Let me ask you, what brought Dr. Konstantin Frank to this region? Why did he pick the Finger Lakes? What did he bring with him in terms of his understanding of wine?
FF: Dr. Frank immigrated into this country in New York City back in 1951 and his whole family came with him at the time. He had a son and two daughters, and his wife. They were very lucky. They left Austria and came to New York at that time. He spoke five languages, but English was not among the five. His first job in New York City was as a dishwasher. It was a very depressing time for him, because in Europe he was a PhD. He was a professor of viticulture. He was a consultant for one of the largest wineries in the area. To be a dishwasher was obviously a step down, but it gave him a chance to improve his English skills. He saved up for bus fare to go to the Geneva Experiment Station at Cornell University. There, a lot of agricultural research has been going on, particularly on grapes.
When he got there, the professors in charge really didn’t believe his theories that you could grow vinifera in New York, but they felt sorry for him, so they gave him a job as a menial worker. He took it. Obviously it was a step up from a dishwasher, and it got him a foot in the door in the industry, attending conferences and so forth. Sure enough, within a short time, after working there, he met Charles Pointier. He was the celebrated French-trained winemaker at Gold Seal, which at the time was New York’s premiere winery. Speaking both in French, he communicated to Charles that he could grow the noble European wine grapes in the Finger Lakes if he got a chance. Charles hired him on the spot, made him director of vineyard research, and within a few years he was successful in growing the European wine grapes.
Within a few years after that, he purchased his own vineyard land in 1957 and planted his own vines in 1958, and then his own winery was bonded in 1962, Dr. Frank’s Vinifera Wine Cellars. That winery went on to become the pioneering winery introducing the noble European wine grapes to the Finger Lakes, to New York, and then this knowledge spread throughout the East Coast. Today, all 50 states now have wineries and a lot of that knowledge started with Dr. Frank introducing the European wine grapes to the East Coast. He was very giving with his knowledge. He wanted the industry to prosper. Many of the early neighboring states growing vinifera owe their start to Dr. Frank and his guidance and knowledge. We’re continuing the tradition here at Dr. Frank’s Winery, now in our fourth generation with Meaghan, and we’re following many of the techniques that he taught us over 50 years ago. It really has created a renaissance in the New York wine industry.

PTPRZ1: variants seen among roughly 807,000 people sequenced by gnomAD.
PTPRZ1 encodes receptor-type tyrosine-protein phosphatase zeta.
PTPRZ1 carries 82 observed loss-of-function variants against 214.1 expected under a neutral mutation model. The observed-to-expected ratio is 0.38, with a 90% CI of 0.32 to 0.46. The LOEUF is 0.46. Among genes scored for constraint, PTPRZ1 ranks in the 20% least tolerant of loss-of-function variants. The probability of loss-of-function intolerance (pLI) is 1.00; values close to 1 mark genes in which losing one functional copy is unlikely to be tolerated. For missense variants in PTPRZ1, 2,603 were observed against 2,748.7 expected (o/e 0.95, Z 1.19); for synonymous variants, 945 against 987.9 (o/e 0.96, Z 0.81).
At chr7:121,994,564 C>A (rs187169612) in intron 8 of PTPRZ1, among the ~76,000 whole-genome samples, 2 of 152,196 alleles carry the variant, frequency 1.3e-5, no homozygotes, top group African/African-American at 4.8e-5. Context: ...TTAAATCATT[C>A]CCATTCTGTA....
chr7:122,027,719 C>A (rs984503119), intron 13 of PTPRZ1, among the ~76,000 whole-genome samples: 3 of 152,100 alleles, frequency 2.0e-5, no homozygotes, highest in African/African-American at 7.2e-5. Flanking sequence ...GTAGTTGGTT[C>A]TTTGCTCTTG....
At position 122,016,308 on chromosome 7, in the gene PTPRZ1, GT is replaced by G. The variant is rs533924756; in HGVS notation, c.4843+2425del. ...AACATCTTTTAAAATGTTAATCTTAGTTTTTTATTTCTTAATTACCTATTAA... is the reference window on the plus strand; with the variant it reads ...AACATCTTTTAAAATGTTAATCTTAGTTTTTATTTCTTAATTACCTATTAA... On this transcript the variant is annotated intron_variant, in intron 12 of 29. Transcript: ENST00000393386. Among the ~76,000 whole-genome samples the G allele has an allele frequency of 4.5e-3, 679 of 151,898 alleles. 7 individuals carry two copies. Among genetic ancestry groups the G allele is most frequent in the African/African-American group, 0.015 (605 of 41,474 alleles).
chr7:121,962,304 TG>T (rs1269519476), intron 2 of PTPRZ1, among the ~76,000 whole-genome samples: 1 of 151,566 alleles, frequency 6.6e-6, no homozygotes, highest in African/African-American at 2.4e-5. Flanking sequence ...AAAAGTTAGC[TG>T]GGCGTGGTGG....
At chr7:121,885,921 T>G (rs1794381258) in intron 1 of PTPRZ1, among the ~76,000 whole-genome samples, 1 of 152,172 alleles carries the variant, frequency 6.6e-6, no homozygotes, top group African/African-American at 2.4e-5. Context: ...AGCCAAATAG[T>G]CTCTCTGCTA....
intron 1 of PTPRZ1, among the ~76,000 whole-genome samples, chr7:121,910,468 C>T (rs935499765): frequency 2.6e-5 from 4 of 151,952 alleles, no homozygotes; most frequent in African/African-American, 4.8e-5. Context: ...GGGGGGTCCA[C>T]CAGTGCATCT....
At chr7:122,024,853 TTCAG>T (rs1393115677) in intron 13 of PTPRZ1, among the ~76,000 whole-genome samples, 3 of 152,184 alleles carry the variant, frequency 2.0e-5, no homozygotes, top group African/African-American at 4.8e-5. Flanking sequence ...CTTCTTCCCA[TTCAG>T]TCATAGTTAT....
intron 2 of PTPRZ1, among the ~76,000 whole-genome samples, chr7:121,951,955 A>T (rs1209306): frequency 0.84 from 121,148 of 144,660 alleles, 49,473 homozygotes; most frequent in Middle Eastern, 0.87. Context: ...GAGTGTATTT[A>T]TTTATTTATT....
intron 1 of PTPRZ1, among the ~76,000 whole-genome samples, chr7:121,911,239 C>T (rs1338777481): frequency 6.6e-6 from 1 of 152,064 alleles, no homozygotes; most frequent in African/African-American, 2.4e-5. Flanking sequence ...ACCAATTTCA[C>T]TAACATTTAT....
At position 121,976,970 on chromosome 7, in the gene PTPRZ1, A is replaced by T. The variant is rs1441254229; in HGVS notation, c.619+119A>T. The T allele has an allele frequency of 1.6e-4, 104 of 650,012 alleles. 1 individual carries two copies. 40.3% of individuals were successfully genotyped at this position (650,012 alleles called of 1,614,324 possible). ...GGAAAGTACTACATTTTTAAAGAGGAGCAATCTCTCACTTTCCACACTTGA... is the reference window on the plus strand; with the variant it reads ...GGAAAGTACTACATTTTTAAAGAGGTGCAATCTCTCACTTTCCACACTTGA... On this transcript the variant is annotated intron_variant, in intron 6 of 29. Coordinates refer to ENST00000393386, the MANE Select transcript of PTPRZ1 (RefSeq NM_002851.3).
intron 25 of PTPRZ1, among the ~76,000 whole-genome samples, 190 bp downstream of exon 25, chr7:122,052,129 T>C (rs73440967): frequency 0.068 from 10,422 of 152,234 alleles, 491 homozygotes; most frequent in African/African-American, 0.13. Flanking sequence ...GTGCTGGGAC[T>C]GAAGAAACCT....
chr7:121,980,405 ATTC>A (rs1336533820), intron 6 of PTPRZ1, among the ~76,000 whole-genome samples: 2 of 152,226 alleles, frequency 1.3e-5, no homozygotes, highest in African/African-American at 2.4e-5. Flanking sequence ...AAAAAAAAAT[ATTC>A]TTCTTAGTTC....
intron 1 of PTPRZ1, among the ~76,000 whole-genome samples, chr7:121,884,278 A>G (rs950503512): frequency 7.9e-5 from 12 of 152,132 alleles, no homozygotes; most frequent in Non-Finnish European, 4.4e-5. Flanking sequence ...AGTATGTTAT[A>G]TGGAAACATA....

What grapes grow well in this area? It could be the winters here are pretty brutal. It’s hard to believe that anything survives it. What grapes do you think are the most expressive of this region?
FF: Well yes, the Finger Lakes wine region is a challenging area to grow the European wine grapes. There are a number of obstacles. The cold winters are one of them. We have to pick and choose varieties that have a high winter tolerance. Most of those are from Northern Europe, where they have cold winters as well. Riesling is probably the white variety that is most known in the Finger Lakes. It’s the variety that is number one for us in vineyard acreage and production, and awards. Riesling certainly is our number one grape. That’s what the region is becoming most known for.
There are other aromatic white varieties that also do well here. Gewurztraminer is one. This famous Alsatian variety. The cool climate works very well with the aromatics, preserving the wonderful fruity aromas of that grape. We’re excited about Pinot Gris. Dr. Frank was the first to produce a commercial Pinot Gris wine in the United States. Again, a cool-climate white. Chardonnay does well here. It’s more of a cool-climate style with a nice, crisp acidity. Then a variety that I’m really excited about is Gruner Veltiner. That’s the number one white of Austria. It’s not that well-known in the US, but it’s gaining popularity. It’s a great food wine.
We now have one of the largest acreages for this variety in the United States. Gruner Veltiner, we’re very excited about it, and it’s doing well in some top restaurants across the country for us, and winning lots of awards. Of course, sparkling wines. We’re here in this cellar devoted to premium sparkling wine production. It was Willie’s dream and we are carrying on his legacy to produce some of the finest sparkling wines in the United States from the cool climate of the Finger Lakes.